I vividly remember the day, seven years ago, when I walked into my son Ollie’s classroom and saw something shocking, that made me rethink the type of mother (and person) I wanted to be.
He was six at the time and dragged me excitedly through the scattered chairs and desks toward his latest masterpiece—a brightly painted stick figure portrait of his Dad.
“Wow Ollie” I said, admiring Chris’ giant orange head and long spindly arms with amusement. Underneath the painting was a neatly typed caption that read:
“My Dad loves football, playing the piano, Star Wars and drawing cool pictures.”
“Well done buddy,” I praised. “You’ve captured Dad really well.”
“Thanks! And look Mum, here’s yours!” he beamed, proudly gesturing to a bright yellow stick figure with black hair, bright red lips and huge blue eyes (my eyes are actually brown, but never mind).
“Gosh, don’t I look glamorous!” I said happily. Then my gaze fell to the caption underneath. As I read the words, staring at myself through my son’s eyes, I was dumbfounded:
“My Mum works for money, lies on the couch and eats pizza.”
I let the words sink in. Really? I don’t even like pizza! And when do I ever have time to lie on the bloody couch!
“Do you love it Mum?” he asked, his aquamarine eyes searching for approval.
“Oh yes!” I faked, wondering what his teacher had thought when she typed those words, and how many other teachers and parents had seen it.
I hugged my boy, kissed his pink cheeks and bolted home feeling mortified. How could he know so much about his father and so little about me?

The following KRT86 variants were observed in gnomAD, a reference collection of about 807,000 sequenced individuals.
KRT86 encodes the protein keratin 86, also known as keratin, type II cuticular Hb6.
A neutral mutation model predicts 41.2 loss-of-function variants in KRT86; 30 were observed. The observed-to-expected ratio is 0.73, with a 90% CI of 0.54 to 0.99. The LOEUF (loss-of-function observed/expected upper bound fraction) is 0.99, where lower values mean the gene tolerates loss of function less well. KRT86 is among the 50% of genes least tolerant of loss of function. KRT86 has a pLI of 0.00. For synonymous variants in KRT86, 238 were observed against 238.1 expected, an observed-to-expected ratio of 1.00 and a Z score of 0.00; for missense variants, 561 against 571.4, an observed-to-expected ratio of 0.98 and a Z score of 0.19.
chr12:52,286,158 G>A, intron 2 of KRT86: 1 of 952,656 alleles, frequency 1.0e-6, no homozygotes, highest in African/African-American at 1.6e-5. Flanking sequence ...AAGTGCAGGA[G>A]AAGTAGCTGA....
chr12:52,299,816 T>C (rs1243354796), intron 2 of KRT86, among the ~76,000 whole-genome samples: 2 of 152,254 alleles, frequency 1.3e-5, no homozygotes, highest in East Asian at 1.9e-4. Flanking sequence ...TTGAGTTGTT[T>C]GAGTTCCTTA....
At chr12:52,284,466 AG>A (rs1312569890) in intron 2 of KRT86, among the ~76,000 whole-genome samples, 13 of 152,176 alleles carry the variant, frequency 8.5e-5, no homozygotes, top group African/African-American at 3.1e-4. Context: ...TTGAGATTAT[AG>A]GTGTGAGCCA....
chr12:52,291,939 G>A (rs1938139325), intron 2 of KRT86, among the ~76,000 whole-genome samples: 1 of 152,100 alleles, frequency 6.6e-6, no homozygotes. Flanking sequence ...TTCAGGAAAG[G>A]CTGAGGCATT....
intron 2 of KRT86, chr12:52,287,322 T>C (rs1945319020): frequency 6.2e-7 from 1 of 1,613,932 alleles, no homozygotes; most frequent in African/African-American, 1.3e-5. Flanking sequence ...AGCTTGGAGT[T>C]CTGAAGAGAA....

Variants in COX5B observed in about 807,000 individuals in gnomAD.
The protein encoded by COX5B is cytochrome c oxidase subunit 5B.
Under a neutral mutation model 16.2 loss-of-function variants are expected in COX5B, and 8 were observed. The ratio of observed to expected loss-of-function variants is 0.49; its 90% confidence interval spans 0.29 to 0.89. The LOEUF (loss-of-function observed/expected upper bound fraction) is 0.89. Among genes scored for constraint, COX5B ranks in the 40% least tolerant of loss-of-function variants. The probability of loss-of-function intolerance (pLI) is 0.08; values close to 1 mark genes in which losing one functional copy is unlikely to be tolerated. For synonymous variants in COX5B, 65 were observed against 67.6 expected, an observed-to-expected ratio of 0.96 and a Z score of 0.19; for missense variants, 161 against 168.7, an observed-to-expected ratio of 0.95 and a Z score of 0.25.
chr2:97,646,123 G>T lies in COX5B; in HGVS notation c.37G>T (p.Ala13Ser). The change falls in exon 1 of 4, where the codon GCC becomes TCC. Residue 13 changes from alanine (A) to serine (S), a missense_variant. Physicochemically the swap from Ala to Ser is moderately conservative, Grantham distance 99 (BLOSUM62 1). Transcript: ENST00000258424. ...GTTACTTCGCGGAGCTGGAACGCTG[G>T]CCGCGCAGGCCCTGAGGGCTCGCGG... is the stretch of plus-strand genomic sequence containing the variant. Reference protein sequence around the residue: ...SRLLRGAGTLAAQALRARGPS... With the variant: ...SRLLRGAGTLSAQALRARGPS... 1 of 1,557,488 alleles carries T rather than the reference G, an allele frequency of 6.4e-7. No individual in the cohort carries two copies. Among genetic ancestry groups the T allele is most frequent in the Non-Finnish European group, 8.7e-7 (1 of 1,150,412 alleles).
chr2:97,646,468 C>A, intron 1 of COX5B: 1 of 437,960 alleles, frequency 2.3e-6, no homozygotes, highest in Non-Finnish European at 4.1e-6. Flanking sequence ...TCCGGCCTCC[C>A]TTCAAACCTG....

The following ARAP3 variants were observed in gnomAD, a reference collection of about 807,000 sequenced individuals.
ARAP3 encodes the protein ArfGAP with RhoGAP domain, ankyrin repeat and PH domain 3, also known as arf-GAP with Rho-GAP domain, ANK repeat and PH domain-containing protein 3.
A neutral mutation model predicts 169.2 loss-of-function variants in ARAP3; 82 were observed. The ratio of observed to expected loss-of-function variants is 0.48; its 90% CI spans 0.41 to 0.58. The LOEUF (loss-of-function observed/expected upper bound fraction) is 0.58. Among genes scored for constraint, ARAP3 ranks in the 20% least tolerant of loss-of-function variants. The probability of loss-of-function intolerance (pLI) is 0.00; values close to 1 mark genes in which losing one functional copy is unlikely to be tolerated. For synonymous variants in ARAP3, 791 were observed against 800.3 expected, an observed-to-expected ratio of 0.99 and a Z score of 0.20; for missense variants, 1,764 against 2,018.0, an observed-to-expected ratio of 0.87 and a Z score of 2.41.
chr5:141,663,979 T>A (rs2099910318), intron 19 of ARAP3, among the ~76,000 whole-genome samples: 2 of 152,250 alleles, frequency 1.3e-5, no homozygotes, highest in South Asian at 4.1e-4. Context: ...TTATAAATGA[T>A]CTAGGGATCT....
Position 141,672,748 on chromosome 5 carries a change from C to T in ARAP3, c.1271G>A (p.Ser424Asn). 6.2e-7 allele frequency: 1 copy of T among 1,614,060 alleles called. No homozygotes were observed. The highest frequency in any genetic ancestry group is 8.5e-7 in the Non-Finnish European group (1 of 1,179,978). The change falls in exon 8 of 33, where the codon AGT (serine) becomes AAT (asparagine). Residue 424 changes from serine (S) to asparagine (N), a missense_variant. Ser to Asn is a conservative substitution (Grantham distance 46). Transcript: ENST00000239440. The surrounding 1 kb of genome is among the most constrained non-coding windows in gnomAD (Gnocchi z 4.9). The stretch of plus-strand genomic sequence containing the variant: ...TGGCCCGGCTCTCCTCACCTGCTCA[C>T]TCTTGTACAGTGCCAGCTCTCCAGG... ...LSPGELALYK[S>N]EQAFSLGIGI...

Throughout eight years of motherhood I’d given my kids everything I had, but amidst all of that loving, nurturing and machine-like juggling of work and family commitments, I’d shared nothing of the real me. In my son’s eyes I was the money making, couch dwelling, pizza eater. He and my daughter Becky had no clue who I was as a person. And in truth, neither did I.
I realised, by becoming a mother I’d gained two children and lost myself.
That was when I started to write – and over time writing became my way back—an outlet to amuse, inspire and re-discover who I am.
Over the following years I made an effort to ensure my kids got to see the real me. When I wasn’t working or hanging out with them, I was writing, making art for the walls, jogging with my friends or pottering in the garden. I felt that if I could model for them an authentic, balanced life then one day they’d go out into the world and create their own.
Well, that was the plan anyway…
Fast forward seven years and I’m curious about whether the effort I’ve made to share more of myself has given Ollie and Becky, now 13 and 14, a better understanding of me than the ‘couch dwelling pizza eater.’ So the other day I decided to ask them:
Me: “If someone asked you to describe your mum (a.k.a. me), what would you say? What’s my personality like? What interests do I have? How do I like to spend my time?”
Here’s how they replied:
Becky: “I really don’t think anyone cares enough to ask that question, Mum.”
Ollie: “You like sitting on the couch and eating pizza … same as always.”
The moral of the story? If you choose to add a little more balance to your life, make sure you do it for yourself, not your kids. Chances are they probably won’t even notice or care! Eventually, when they leave home we’ll be left with whatever life we created for ourselves when we chose to be something other than their parent. So go for it!
Until next time,
Lisa Nimmo is an author, speaker and mum of two teenagers, based in Wellington New Zealand. If you’d like to know more visit lisanimmo.com
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